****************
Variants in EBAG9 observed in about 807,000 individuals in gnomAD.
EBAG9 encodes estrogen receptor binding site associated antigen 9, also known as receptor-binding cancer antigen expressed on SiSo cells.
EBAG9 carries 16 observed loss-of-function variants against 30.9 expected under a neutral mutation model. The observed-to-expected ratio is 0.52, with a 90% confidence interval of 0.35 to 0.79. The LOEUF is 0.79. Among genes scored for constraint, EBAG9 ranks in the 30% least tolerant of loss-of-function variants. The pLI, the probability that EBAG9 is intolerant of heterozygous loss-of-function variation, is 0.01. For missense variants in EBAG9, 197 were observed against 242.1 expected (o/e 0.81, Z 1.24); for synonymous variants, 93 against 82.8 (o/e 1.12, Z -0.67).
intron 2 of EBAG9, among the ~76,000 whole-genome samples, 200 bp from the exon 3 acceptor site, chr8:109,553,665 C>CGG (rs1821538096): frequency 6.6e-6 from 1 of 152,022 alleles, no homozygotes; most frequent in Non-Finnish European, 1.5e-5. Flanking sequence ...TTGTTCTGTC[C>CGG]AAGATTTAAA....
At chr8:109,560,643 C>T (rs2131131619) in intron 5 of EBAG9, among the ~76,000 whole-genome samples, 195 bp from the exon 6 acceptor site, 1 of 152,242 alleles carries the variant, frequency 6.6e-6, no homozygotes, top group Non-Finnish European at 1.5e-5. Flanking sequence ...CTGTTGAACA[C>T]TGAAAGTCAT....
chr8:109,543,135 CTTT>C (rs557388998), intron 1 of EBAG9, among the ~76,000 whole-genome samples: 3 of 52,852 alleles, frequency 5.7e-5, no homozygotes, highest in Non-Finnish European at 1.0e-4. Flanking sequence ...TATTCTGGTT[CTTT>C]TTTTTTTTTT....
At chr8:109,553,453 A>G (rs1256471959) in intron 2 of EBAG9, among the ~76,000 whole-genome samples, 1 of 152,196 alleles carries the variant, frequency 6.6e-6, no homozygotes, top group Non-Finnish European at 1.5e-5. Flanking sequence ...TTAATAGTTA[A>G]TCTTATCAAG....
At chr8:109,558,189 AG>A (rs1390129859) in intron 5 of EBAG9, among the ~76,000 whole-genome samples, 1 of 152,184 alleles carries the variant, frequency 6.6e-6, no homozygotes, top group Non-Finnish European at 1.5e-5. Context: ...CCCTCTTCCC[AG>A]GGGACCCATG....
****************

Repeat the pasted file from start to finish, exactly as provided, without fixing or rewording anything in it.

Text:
Variants in EBAG9 observed in about 807,000 individuals in gnomAD.
EBAG9 encodes estrogen receptor binding site associated antigen 9, also known as receptor-binding cancer antigen expressed on SiSo cells.
EBAG9 carries 16 observed loss-of-function variants against 30.9 expected under a neutral mutation model. The observed-to-expected ratio is 0.52, with a 90% confidence interval of 0.35 to 0.79. The LOEUF is 0.79. Among genes scored for constraint, EBAG9 ranks in the 30% least tolerant of loss-of-function variants. The pLI, the probability that EBAG9 is intolerant of heterozygous loss-of-function variation, is 0.01. For missense variants in EBAG9, 197 were observed against 242.1 expected (o/e 0.81, Z 1.24); for synonymous variants, 93 against 82.8 (o/e 1.12, Z -0.67).
intron 2 of EBAG9, among the ~76,000 whole-genome samples, 200 bp from the exon 3 acceptor site, chr8:109,553,665 C>CGG (rs1821538096): frequency 6.6e-6 from 1 of 152,022 alleles, no homozygotes; most frequent in Non-Finnish European, 1.5e-5. Flanking sequence ...TTGTTCTGTC[C>CGG]AAGATTTAAA....
At chr8:109,560,643 C>T (rs2131131619) in intron 5 of EBAG9, among the ~76,000 whole-genome samples, 195 bp from the exon 6 acceptor site, 1 of 152,242 alleles carries the variant, frequency 6.6e-6, no homozygotes, top group Non-Finnish European at 1.5e-5. Flanking sequence ...CTGTTGAACA[C>T]TGAAAGTCAT....
chr8:109,543,135 CTTT>C (rs557388998), intron 1 of EBAG9, among the ~76,000 whole-genome samples: 3 of 52,852 alleles, frequency 5.7e-5, no homozygotes, highest in Non-Finnish European at 1.0e-4. Flanking sequence ...TATTCTGGTT[CTTT>C]TTTTTTTTTT....
At chr8:109,553,453 A>G (rs1256471959) in intron 2 of EBAG9, among the ~76,000 whole-genome samples, 1 of 152,196 alleles carries the variant, frequency 6.6e-6, no homozygotes, top group Non-Finnish European at 1.5e-5. Flanking sequence ...TTAATAGTTA[A>G]TCTTATCAAG....
At chr8:109,558,189 AG>A (rs1390129859) in intron 5 of EBAG9, among the ~76,000 whole-genome samples, 1 of 152,184 alleles carries the variant, frequency 6.6e-6, no homozygotes, top group Non-Finnish European at 1.5e-5. Context: ...CCCTCTTCCC[AG>A]GGGACCCATG....